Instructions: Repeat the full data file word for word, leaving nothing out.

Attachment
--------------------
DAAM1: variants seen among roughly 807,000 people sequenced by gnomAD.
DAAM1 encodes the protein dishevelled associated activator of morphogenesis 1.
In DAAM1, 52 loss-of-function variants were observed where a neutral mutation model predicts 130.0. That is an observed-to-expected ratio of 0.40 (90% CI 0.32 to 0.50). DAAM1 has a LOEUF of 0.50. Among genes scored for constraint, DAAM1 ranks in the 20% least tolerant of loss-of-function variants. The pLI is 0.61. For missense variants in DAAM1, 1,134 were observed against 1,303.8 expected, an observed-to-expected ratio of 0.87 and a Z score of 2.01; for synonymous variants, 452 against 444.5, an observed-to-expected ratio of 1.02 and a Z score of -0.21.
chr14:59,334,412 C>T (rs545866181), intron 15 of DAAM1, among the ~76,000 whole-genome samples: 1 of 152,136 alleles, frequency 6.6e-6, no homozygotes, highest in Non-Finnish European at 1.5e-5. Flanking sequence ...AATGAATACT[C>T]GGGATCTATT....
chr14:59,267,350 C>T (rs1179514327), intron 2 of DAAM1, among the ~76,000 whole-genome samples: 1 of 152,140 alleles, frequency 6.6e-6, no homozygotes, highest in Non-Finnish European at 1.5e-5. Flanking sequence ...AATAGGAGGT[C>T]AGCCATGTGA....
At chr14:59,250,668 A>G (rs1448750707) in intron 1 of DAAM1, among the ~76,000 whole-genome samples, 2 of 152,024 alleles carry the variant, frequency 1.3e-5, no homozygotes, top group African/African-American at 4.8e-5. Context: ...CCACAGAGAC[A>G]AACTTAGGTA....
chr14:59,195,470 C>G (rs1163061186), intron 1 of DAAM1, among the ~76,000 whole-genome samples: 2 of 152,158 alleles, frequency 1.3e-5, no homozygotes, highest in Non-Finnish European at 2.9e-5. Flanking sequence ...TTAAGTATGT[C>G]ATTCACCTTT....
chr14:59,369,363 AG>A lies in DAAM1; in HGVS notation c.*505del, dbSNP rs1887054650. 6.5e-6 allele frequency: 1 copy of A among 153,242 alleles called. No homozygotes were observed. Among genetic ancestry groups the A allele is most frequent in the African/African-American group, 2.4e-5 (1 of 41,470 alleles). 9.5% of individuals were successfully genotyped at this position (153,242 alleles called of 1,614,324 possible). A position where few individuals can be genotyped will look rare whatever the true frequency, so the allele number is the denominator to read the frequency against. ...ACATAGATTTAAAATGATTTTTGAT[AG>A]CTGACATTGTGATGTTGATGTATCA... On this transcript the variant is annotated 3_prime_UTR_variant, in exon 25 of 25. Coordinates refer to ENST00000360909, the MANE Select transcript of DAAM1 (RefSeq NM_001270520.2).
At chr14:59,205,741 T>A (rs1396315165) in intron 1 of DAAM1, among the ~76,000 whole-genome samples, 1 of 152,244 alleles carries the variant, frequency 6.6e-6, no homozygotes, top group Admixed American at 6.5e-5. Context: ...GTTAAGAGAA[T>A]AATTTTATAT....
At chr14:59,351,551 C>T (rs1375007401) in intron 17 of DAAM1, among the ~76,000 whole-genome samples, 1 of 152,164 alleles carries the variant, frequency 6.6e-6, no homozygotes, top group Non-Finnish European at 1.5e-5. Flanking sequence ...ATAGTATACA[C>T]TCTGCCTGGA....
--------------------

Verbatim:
DAAM1: variants seen among roughly 807,000 people sequenced by gnomAD.
DAAM1 encodes the protein dishevelled associated activator of morphogenesis 1.
In DAAM1, 52 loss-of-function variants were observed where a neutral mutation model predicts 130.0. That is an observed-to-expected ratio of 0.40 (90% CI 0.32 to 0.50). DAAM1 has a LOEUF of 0.50. Among genes scored for constraint, DAAM1 ranks in the 20% least tolerant of loss-of-function variants. The pLI is 0.61. For missense variants in DAAM1, 1,134 were observed against 1,303.8 expected, an observed-to-expected ratio of 0.87 and a Z score of 2.01; for synonymous variants, 452 against 444.5, an observed-to-expected ratio of 1.02 and a Z score of -0.21.
chr14:59,334,412 C>T (rs545866181), intron 15 of DAAM1, among the ~76,000 whole-genome samples: 1 of 152,136 alleles, frequency 6.6e-6, no homozygotes, highest in Non-Finnish European at 1.5e-5. Flanking sequence ...AATGAATACT[C>T]GGGATCTATT....
chr14:59,267,350 C>T (rs1179514327), intron 2 of DAAM1, among the ~76,000 whole-genome samples: 1 of 152,140 alleles, frequency 6.6e-6, no homozygotes, highest in Non-Finnish European at 1.5e-5. Flanking sequence ...AATAGGAGGT[C>T]AGCCATGTGA....
At chr14:59,250,668 A>G (rs1448750707) in intron 1 of DAAM1, among the ~76,000 whole-genome samples, 2 of 152,024 alleles carry the variant, frequency 1.3e-5, no homozygotes, top group African/African-American at 4.8e-5. Context: ...CCACAGAGAC[A>G]AACTTAGGTA....
chr14:59,195,470 C>G (rs1163061186), intron 1 of DAAM1, among the ~76,000 whole-genome samples: 2 of 152,158 alleles, frequency 1.3e-5, no homozygotes, highest in Non-Finnish European at 2.9e-5. Flanking sequence ...TTAAGTATGT[C>G]ATTCACCTTT....
chr14:59,369,363 AG>A lies in DAAM1; in HGVS notation c.*505del, dbSNP rs1887054650. 6.5e-6 allele frequency: 1 copy of A among 153,242 alleles called. No homozygotes were observed. Among genetic ancestry groups the A allele is most frequent in the African/African-American group, 2.4e-5 (1 of 41,470 alleles). 9.5% of individuals were successfully genotyped at this position (153,242 alleles called of 1,614,324 possible). A position where few individuals can be genotyped will look rare whatever the true frequency, so the allele number is the denominator to read the frequency against. ...ACATAGATTTAAAATGATTTTTGAT[AG>A]CTGACATTGTGATGTTGATGTATCA... On this transcript the variant is annotated 3_prime_UTR_variant, in exon 25 of 25. Coordinates refer to ENST00000360909, the MANE Select transcript of DAAM1 (RefSeq NM_001270520.2).
At chr14:59,205,741 T>A (rs1396315165) in intron 1 of DAAM1, among the ~76,000 whole-genome samples, 1 of 152,244 alleles carries the variant, frequency 6.6e-6, no homozygotes, top group Admixed American at 6.5e-5. Context: ...GTTAAGAGAA[T>A]AATTTTATAT....
At chr14:59,351,551 C>T (rs1375007401) in intron 17 of DAAM1, among the ~76,000 whole-genome samples, 1 of 152,164 alleles carries the variant, frequency 6.6e-6, no homozygotes, top group Non-Finnish European at 1.5e-5. Flanking sequence ...ATAGTATACA[C>T]TCTGCCTGGA....